2. I lightly sanded the pink paint and tried not to feel too sad about seeing it scuff up. It was in great condition and seriously did not chip at all when Cecelia used it. Then I cleaned the whole crib with regular Green Works multi-purpose cleaner. I didn't spend as much prep time this second time around because the pink paint was in great shape compared to the original white paint before it. Plus, I knew that I was going to use my most favorite primer that requires no sanding which made me feel very lax about this prep part.
3. Primer time: I am seriously obsessed with the Adhesion Primer from Sherwin Williams. Unfortunately, they don't even make this can anymore but according to the guy at the store, people are really missing it because it's the best. It will stick to pretty much any clean surface and it's water based, so I didn't have to worry about questionable fumes for my pregnant self. (Side note: my OB has always said that painting with decent circulation in the room is totally fine). I wanted to use our Wagner spray gun for the entire process because it was so easy last time.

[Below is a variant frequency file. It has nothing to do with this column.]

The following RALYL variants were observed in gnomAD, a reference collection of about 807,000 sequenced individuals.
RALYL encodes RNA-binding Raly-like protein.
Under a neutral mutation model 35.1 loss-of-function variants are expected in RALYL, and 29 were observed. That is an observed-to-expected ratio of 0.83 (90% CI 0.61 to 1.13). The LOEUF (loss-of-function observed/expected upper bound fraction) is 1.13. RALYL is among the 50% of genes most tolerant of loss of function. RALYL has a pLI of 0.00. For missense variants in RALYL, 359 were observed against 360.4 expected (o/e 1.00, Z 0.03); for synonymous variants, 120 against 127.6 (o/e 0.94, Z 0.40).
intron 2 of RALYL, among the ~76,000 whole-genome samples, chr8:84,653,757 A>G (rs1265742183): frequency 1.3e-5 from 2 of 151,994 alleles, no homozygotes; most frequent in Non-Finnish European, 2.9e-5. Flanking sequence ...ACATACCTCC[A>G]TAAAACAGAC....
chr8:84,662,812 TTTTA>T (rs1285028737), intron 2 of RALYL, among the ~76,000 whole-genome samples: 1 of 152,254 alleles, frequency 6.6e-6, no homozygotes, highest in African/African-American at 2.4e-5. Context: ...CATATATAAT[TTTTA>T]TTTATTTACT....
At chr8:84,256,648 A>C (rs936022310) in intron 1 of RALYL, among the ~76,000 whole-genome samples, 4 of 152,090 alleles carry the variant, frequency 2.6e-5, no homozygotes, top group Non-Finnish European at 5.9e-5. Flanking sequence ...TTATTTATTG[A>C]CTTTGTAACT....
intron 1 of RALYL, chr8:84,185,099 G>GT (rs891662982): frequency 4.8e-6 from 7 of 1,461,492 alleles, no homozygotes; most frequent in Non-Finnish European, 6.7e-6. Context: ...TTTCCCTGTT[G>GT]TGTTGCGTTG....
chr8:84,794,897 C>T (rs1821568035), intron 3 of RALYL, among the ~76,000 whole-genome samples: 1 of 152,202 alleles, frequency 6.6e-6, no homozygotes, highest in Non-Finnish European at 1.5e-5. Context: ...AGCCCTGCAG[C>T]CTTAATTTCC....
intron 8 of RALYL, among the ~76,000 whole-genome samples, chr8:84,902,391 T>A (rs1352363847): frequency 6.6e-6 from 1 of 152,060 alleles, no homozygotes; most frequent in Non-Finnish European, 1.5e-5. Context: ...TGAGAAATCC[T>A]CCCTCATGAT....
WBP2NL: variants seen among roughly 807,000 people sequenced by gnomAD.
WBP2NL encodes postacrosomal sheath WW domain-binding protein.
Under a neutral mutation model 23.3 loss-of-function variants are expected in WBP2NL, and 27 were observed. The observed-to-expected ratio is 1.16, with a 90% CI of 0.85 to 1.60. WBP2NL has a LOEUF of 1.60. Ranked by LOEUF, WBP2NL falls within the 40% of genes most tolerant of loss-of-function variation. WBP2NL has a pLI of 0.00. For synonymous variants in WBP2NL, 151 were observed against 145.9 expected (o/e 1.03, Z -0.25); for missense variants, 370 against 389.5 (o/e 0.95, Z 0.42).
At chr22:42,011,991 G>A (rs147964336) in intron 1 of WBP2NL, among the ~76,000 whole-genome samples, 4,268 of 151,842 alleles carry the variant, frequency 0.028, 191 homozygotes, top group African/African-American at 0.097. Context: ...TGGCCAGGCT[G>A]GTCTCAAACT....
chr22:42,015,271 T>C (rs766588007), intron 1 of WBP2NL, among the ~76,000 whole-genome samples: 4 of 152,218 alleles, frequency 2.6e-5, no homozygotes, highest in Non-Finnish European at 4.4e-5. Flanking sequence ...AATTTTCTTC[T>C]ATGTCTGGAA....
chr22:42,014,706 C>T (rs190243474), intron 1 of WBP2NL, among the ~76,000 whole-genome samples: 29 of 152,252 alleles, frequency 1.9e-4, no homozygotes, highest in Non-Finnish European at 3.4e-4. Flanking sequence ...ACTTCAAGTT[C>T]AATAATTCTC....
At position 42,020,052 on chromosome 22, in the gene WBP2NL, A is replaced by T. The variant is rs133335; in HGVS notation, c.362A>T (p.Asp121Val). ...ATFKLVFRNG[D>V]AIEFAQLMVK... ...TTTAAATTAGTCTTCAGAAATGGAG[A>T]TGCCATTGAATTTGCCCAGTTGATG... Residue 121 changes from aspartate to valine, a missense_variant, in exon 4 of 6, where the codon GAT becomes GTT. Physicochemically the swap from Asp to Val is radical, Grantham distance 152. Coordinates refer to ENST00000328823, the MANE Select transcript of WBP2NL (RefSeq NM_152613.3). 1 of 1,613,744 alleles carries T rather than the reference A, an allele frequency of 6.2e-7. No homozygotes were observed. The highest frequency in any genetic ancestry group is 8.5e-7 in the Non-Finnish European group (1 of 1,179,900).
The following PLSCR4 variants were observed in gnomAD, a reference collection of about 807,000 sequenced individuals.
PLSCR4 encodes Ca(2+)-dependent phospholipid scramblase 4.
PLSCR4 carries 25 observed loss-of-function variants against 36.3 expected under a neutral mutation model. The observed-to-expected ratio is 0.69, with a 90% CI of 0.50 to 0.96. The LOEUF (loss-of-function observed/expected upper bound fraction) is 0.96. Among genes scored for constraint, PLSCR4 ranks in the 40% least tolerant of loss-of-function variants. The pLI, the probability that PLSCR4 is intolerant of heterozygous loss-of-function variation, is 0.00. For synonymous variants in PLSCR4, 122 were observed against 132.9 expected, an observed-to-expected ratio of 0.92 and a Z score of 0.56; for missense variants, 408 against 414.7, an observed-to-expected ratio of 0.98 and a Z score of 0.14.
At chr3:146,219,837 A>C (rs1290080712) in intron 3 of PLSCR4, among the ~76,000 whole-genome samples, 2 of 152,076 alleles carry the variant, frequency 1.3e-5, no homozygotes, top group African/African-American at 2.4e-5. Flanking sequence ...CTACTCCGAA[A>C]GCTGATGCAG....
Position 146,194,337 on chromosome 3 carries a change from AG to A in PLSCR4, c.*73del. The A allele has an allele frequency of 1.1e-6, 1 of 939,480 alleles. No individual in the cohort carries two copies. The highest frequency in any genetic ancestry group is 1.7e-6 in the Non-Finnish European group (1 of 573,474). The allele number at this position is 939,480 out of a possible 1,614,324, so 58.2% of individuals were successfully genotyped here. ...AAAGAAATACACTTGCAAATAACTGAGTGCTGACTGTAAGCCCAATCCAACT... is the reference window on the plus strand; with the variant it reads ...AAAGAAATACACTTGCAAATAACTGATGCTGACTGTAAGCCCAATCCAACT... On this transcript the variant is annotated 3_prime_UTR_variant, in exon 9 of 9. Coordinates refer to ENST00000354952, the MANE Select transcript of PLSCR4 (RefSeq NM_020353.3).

Bye bye, PINK!
4. In the middle of my first coat of primer, I had to switch out between one can of primer that was almost finished, to a brand new can I hadn't opened before during all of the wood-trim painting inside of our house. I should have taken the 2 year old can right to Sherwin Williams to have them shake it up for me but I was impatient, and just tried to stir the heck out of it. Well, as I continued on with the first coat of primer on the backside of the crib, I realized it was super watery and drippy. And not covering very well. And then the spray gun kept getting clogged and life was just not good.